Sunday, October 16, 2011

Over the hill with training

Only 3.5 weeks of PST left!  That’s right, training is winding down at this point, and we have all made it well past the midpoint.  In the past two weeks I have had tests, saw a coronation, and left Kanye for a week to shadow another volunteer.  So needless to say it has been a busy couple of weeks. 

Most of training two weeks ago was spent agonizing over the practice LPI (language proficiency interview) and the other round robin tests we had on the core competencies of PST that we were supposed to know by that point.  And those exams all happened Thursday morning.  I still don’t know quite how the LPI went (we find out on Monday I think).  Even though it was just a practice it did have a lot of people on edge.  Although that morning was not quite the best so by that point I was already just ready to be done. 

In case you haven’t heard yet, I had my first injury in Botswana two Thursdays ago.  I was running with Julia when I caught a rock lodged in the dirt path we were on.  Needless to say I went down.  Had a few cuts on my elbow, bruised my knee, and took quite a bit of skin off parts of my left hand.  I am happy to say that the hand is nearly fully healed by this point and looks much better (although if you want to see a picture of the damage when it was fresh check fb).  I also managed to lose my keys that morning since I was too busy paying attention to my hand that I didn’t notice they fell out of my pocket.  When I got home I had to sprint back to find them, but alas, no luck.  On the lighter side I am sure the people of Kanye were wondering why a lekgowa (white person) with a bloody hand was furiously running through the streets and got a good laugh out of it.  And luckily there was a spare key, so really this experience was ok.  I learned that I can clean a wound with running water in the house and just using a bucket.  J

The day after the LPI and my spectacular hand fiasco we were invited to the coronation of the Kgosi of Kanye.  Now each ward in Kanye has a Kgosi (which is a chief btw), but this was the main Kgosi of the entire village.  We got to see the coronation tradition of adorning him with the skin of the leopard that he killed weeks earlier.  And the entire village pitched in to give him many cattle and a new truck.  The event lasted about 5 hours, hand some interesting dancing at the beginning, but alas, my Setswana is not good enough to tell you all that happened.  But it was a VERY high profile event.  The American ambassador came.  Many members of the government of Lesotho were present (the Kgosi’s mother is from Lesotho).  Ambassadors from Germany and other countries were present.  And the President of Botswana, Sir Seretse Khama Ian Khama, came to the event since he is also a chief from another village as well as the President.  It was incredibly to see him and other old presidents of Botswana were in attendance as well. 

And then after all this was over we got a “week off” from training.  We all went in separate directions (for the most part, because some volunteers did host two trainees) for the week on Shadowing.  Basically we were placed with current volunteers in the country and got to see how they live their day to day lives.  I ended up going to Rakops which is in the middle of the country, north of the Kalahari Game Reserve, to stay with Jeremy Hardy.  Fun fact: he is also from Michigan so that was pretty cool.  It takes about 9-10 hours to get from Kanye to Rakops and you need to change busses in Gaborone.  So in the past week I had nearly two full days on a bus.  But it was totally worth it.  Sure Rakops is in the middle of nowhere, but we had a great time and actually did a lot.  I helped out with the groundbreaking and putting up of some posts to attach shade netting to for the garden his organization is making.  We conducted a focus group at the Community Junior Secondary School, presented at a workplace wellness workshop on the importance of volunteering, and I got to meet many of the people he works with.  But I also got to see that many days in the average PCVs life can also have a lot of down time.  So that was good to know that I should not go into site expecting to be busy all the time.  While I was in Rakops we also battled the electricity being out the first night (although he only has an extension cord from the neighbor with one plug anyway), and the water being out quite often.  But all in all it was fantastic and I would do Shadowing again in a heartbeat.  Probably the best and most useful week of training yet.  But it is kinda good to be back in Kanye and see all the Bots 11 that I haven’t seen all week and hear how their experiences were.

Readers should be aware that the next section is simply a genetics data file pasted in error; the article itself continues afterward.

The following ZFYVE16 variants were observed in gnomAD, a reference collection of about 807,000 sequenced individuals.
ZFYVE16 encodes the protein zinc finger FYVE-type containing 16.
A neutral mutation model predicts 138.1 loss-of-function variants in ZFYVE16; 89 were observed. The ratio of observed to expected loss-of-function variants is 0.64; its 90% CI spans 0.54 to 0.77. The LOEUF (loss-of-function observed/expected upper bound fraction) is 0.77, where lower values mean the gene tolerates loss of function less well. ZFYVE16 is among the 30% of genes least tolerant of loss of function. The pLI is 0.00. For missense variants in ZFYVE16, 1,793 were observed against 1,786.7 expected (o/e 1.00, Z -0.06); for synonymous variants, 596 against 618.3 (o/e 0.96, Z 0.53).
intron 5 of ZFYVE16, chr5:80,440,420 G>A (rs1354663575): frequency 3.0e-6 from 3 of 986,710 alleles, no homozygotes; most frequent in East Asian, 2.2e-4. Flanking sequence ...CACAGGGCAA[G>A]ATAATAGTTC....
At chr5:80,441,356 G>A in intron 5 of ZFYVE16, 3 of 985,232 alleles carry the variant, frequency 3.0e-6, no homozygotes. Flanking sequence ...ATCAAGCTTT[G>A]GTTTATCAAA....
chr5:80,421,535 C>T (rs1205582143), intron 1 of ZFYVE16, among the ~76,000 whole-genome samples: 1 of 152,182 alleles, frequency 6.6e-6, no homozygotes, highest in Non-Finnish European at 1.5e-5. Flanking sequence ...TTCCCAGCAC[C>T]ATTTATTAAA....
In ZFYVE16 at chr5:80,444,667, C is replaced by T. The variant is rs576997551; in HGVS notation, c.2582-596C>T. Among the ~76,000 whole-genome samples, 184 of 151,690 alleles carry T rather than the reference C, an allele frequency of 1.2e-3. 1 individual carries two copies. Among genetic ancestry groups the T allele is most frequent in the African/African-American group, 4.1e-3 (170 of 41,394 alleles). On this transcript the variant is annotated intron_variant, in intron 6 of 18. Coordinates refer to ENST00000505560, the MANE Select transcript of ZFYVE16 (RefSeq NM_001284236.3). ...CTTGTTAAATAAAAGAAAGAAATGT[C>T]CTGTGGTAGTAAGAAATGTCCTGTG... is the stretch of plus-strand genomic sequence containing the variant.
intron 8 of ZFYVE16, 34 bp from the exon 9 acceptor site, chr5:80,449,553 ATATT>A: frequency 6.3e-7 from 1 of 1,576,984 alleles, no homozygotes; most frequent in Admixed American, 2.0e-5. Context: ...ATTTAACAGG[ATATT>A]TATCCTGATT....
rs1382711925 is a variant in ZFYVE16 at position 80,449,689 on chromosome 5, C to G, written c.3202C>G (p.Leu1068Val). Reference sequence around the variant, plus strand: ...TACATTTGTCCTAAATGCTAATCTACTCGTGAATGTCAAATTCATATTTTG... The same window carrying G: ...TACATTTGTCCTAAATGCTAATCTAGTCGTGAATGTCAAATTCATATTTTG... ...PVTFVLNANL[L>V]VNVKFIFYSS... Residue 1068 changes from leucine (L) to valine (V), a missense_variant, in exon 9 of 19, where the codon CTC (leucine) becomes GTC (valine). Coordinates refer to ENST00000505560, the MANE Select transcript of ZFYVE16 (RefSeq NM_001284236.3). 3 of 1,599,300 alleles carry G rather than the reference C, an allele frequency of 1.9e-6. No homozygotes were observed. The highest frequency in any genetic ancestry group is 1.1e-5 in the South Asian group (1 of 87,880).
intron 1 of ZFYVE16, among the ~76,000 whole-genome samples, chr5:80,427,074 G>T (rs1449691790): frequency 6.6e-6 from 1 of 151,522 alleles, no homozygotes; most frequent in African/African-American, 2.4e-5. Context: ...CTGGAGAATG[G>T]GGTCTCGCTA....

And I want to wrap this up with a few important date announcements.  First of all happy belated birthday to Aunt Jackie, Grandma, and Alex Wolf.  Sorry I was not able to contact you on your birthday exactly, but I did remember it happened and will try very soon.  In the same line of thought, happy early birthday to both Liz Beam and Erika Hallatschek (yes I actually know your last name finally) since I know yours are very soon.  And also, next weekend I will at least be putting on FB my site placement since we find those out Friday afternoon.  In just a few days I will know where I am spending the next 2 years.  Although I regret to report that I will not know my permanent address until after I get to site and rent a PO Box.  Which I will do ASAP and let you all know my address.  And since mail takes a few weeks, if anyone was planning to send me anything, I would like to ask you to wait until I have my permanent address since if you send it now I might not get it before training is over.  I already have quite a few letters nearly ready to send out, but I am waiting till I am at site so that way they will have my return address.  And people will get them closer to Christmas.